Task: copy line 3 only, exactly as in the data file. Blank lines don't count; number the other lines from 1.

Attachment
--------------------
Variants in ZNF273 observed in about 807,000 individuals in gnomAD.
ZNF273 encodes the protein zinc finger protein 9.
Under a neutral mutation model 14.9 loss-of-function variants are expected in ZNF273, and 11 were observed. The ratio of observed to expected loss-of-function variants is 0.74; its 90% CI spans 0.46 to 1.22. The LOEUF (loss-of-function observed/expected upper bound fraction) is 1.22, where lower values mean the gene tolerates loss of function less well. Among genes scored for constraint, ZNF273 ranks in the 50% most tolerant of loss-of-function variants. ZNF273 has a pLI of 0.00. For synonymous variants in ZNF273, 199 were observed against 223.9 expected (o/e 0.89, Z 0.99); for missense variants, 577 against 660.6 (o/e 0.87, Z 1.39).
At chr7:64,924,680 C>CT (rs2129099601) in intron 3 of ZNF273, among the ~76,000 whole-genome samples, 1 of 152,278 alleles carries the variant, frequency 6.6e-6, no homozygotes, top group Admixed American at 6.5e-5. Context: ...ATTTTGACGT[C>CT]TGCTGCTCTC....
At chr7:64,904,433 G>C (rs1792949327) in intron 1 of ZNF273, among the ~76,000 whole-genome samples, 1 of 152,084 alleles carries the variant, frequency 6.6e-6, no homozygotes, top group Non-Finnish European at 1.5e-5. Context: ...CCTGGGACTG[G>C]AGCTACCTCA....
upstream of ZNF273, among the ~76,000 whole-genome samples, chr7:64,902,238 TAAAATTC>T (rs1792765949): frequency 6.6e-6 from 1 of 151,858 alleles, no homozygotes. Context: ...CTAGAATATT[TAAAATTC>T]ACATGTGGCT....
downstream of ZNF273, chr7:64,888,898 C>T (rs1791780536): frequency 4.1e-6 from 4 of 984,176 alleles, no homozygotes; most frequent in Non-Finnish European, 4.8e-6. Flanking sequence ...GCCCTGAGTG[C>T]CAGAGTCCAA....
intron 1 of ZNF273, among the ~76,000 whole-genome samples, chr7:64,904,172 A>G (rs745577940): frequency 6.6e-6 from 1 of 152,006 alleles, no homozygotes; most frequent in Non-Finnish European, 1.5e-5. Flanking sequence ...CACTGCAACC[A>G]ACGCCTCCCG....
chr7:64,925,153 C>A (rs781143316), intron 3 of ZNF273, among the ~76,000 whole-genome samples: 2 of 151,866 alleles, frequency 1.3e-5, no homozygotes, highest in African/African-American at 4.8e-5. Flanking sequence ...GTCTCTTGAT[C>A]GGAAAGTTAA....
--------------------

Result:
Under a neutral mutation model 14.9 loss-of-function variants are expected in ZNF273, and 11 were observed. The ratio of observed to expected loss-of-function variants is 0.74; its 90% CI spans 0.46 to 1.22. The LOEUF (loss-of-function observed/expected upper bound fraction) is 1.22, where lower values mean the gene tolerates loss of function less well. Among genes scored for constraint, ZNF273 ranks in the 50% most tolerant of loss-of-function variants. ZNF273 has a pLI of 0.00. For synonymous variants in ZNF273, 199 were observed against 223.9 expected (o/e 0.89, Z 0.99); for missense variants, 577 against 660.6 (o/e 0.87, Z 1.39).